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HDL Filter Block Properties

AdderTreePipeline

This property applies to frame-based filters. It specifies how many pipeline registers the architecture includes between levels of the adder tree. These pipeline stages increase filter throughput while adding latency. The default value is 0. To improve the speed of this architecture, the recommended setting is 2.

Pipeline stages introduce delays along the path in the model that contains the affected filter. When you enable this pipeline option, the coder automatically adds balancing delays on parallel data paths.

For more information on the frame-based filter architecture, see Frame-Based Architecture.

AddPipelineRegisters

This property applies to scalar input filters. When you enable this property, the default linear adder of the filter is implemented as a pipelined tree adder instead. This architecture increases filter throughput while adding latency. The default value is off.

The following limitations apply to AddPipelineRegisters:

  • If you use AddPipelineRegisters, the code generator forces full precision in the HDL and the generated filter model. This option implements a pipelined adder tree structure in the HDL code for which only full precision is supported. If you generate a validation model, you must use full precision in the original model to avoid validation mismatches.

  • Pipeline stages introduce delays along the path in the model that contains the affected filter. When you enable this pipeline option, the coder automatically adds balancing delays on parallel data paths.

    Note

    When you use this property with the CIC Interpolation (DSP System Toolbox) block, delays in parallel paths are not automatically balanced. Manually add delays where needed by your design.

For filter architecture diagrams that indicate where the pipeline stages are added, see HDL Filter Architectures.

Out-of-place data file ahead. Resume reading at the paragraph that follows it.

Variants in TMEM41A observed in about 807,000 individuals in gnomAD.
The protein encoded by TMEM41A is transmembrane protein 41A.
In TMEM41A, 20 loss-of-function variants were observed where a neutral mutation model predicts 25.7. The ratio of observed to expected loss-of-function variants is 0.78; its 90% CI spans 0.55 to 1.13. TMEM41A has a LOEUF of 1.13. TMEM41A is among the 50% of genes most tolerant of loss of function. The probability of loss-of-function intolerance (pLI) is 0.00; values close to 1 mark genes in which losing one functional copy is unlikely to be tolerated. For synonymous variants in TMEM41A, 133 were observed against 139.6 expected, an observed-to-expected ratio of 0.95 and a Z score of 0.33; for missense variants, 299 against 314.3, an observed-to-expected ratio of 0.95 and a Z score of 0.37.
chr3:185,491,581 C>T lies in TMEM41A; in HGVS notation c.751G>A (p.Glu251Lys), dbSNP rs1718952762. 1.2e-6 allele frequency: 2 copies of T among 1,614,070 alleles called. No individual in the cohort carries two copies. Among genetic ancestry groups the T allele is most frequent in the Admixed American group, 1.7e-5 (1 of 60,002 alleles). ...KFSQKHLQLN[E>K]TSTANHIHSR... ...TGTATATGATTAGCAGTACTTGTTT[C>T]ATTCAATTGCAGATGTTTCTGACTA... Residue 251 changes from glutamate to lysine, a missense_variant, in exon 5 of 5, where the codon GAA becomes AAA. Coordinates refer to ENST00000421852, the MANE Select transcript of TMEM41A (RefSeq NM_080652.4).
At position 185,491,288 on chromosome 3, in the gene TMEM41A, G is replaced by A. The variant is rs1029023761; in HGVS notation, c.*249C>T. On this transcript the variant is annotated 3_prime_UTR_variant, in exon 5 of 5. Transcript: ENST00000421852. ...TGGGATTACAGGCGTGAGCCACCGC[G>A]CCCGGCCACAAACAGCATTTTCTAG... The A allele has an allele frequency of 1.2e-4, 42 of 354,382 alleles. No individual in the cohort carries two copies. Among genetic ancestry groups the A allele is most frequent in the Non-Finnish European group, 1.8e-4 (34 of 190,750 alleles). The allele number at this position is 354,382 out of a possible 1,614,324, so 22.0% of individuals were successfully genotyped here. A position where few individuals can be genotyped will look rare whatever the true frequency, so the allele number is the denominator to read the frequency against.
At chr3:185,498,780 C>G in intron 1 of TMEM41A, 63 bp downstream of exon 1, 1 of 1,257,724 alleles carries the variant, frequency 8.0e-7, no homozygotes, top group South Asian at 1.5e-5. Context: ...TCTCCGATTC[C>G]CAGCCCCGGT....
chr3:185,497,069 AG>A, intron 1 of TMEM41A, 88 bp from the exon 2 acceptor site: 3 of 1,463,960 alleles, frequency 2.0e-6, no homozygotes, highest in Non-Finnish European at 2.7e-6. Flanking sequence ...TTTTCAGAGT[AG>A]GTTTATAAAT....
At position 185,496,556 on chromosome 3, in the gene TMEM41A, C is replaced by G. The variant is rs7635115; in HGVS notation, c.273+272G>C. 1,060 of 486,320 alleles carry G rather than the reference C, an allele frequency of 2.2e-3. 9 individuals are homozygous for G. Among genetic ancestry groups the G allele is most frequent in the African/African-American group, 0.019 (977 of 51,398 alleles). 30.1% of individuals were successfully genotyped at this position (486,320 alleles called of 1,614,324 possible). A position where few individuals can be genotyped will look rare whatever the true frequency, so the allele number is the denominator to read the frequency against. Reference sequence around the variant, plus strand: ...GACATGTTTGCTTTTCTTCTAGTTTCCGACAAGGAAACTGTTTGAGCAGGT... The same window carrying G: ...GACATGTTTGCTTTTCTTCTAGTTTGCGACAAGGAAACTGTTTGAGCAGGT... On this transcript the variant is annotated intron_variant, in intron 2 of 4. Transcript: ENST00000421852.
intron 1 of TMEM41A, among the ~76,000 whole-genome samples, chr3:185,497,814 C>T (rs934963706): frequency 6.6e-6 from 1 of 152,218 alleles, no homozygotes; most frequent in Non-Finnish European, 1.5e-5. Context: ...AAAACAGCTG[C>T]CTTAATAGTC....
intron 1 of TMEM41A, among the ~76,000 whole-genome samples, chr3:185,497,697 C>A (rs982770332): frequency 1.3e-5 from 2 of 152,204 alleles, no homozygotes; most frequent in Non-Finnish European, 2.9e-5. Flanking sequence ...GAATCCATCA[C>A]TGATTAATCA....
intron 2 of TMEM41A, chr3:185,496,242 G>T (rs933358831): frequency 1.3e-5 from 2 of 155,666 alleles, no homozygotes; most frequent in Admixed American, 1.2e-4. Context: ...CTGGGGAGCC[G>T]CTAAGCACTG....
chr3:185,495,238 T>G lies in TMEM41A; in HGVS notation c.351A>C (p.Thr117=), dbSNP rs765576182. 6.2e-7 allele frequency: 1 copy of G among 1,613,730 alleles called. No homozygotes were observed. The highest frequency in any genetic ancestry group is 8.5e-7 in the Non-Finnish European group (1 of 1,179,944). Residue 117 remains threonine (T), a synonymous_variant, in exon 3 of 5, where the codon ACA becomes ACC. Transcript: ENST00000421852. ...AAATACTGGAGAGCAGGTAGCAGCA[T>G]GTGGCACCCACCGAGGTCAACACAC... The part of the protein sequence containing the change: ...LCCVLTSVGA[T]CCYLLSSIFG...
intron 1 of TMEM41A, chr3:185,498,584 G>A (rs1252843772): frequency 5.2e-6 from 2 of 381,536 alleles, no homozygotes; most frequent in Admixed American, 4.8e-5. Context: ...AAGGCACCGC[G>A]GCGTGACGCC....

ChannelSharing

You can use the ChannelSharing implementation parameter with a multichannel filter to enable sharing a single filter implementation among channels for a more area-efficient design. This parameter is either 'on' or 'off'. The default is 'off', and a separate filter will be implemented for each channel.

See Multichannel FIR Filter for FPGA (DSP System Toolbox).

CoeffMultipliers

The CoeffMultipliers implementation parameter lets you specify use of canonical signed digit (CSD) or factored CSD optimizations for processing coefficient multiplier operations in code generated for certain filter blocks. Specify the CoeffMultipliers parameter using one of the following options:

  • 'csd': Use CSD techniques to replace multiplier operations with shift-and-add operations. CSD techniques minimize the number of addition operations required for constant multiplication by representing binary numbers with a minimum count of nonzero digits. This representation decreases the area used by the filter while maintaining or increasing clock speed.

  • 'factored-csd': Use factored CSD techniques, which replace multiplier operations with shift-and-add operations on prime factors of the coefficients. This option lets you achieve a greater filter area reduction than CSD, at the cost of decreasing clock speed.

  • 'multipliers' (default): Retain multiplier operations.

HDL Coder™ supports CoeffMultipliers for fully-parallel filter implementations. It is not supported for fully-serial and partly-serial architectures.

DALUTPartition

The size of the LUT grows exponentially with the order of the filter. For a filter with N coefficients, the LUT must have 2^N values. For higher order filters, LUT size must be reduced to reasonable levels. To reduce the size, you can subdivide the LUT into a number of LUTs, called LUT partitions. Each LUT partition operates on a different set of taps. The results obtained from the partitions are summed.

For example, for a 160-tap filter, the LUT size is (2^160)*W bits, where W is the word size of the LUT data. Dividing this into 16 LUT partitions, each taking 10 inputs (taps), the total LUT size is reduced to 16*(2^10)*W bits.

Although LUT partitioning reduces LUT size, more adders are required to sum the LUT data.

You can use DALUTPartition to enables DA code generation and specify the number and size of LUT partitions.

Specify LUT partitions as a vector of integers [p1 p2...pN] where:

  • N is the number of partitions.